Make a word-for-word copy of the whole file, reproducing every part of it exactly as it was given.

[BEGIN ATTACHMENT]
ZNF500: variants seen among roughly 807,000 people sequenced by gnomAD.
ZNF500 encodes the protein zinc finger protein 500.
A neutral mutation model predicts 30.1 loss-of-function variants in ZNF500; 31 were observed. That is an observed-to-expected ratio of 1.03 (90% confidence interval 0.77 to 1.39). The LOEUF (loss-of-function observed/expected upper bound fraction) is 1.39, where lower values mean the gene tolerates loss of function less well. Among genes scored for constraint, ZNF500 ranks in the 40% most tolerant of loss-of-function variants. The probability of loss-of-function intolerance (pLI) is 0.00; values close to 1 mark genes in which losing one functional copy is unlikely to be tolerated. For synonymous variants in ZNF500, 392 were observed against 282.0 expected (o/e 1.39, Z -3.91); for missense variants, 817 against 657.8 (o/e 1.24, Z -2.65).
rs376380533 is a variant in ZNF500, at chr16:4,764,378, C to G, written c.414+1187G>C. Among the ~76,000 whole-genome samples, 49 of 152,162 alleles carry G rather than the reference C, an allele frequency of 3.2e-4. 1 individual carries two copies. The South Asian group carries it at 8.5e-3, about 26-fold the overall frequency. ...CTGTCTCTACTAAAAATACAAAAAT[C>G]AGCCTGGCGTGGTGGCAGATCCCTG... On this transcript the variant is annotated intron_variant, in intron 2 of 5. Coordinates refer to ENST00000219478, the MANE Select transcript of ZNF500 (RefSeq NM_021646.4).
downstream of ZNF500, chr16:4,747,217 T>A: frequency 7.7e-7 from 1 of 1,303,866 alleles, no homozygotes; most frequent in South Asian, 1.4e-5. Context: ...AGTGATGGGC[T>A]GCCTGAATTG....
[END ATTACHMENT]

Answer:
ZNF500: variants seen among roughly 807,000 people sequenced by gnomAD.
ZNF500 encodes the protein zinc finger protein 500.
A neutral mutation model predicts 30.1 loss-of-function variants in ZNF500; 31 were observed. That is an observed-to-expected ratio of 1.03 (90% confidence interval 0.77 to 1.39). The LOEUF (loss-of-function observed/expected upper bound fraction) is 1.39, where lower values mean the gene tolerates loss of function less well. Among genes scored for constraint, ZNF500 ranks in the 40% most tolerant of loss-of-function variants. The probability of loss-of-function intolerance (pLI) is 0.00; values close to 1 mark genes in which losing one functional copy is unlikely to be tolerated. For synonymous variants in ZNF500, 392 were observed against 282.0 expected (o/e 1.39, Z -3.91); for missense variants, 817 against 657.8 (o/e 1.24, Z -2.65).
rs376380533 is a variant in ZNF500, at chr16:4,764,378, C to G, written c.414+1187G>C. Among the ~76,000 whole-genome samples, 49 of 152,162 alleles carry G rather than the reference C, an allele frequency of 3.2e-4. 1 individual carries two copies. The South Asian group carries it at 8.5e-3, about 26-fold the overall frequency. ...CTGTCTCTACTAAAAATACAAAAAT[C>G]AGCCTGGCGTGGTGGCAGATCCCTG... On this transcript the variant is annotated intron_variant, in intron 2 of 5. Coordinates refer to ENST00000219478, the MANE Select transcript of ZNF500 (RefSeq NM_021646.4).
downstream of ZNF500, chr16:4,747,217 T>A: frequency 7.7e-7 from 1 of 1,303,866 alleles, no homozygotes; most frequent in South Asian, 1.4e-5. Context: ...AGTGATGGGC[T>A]GCCTGAATTG....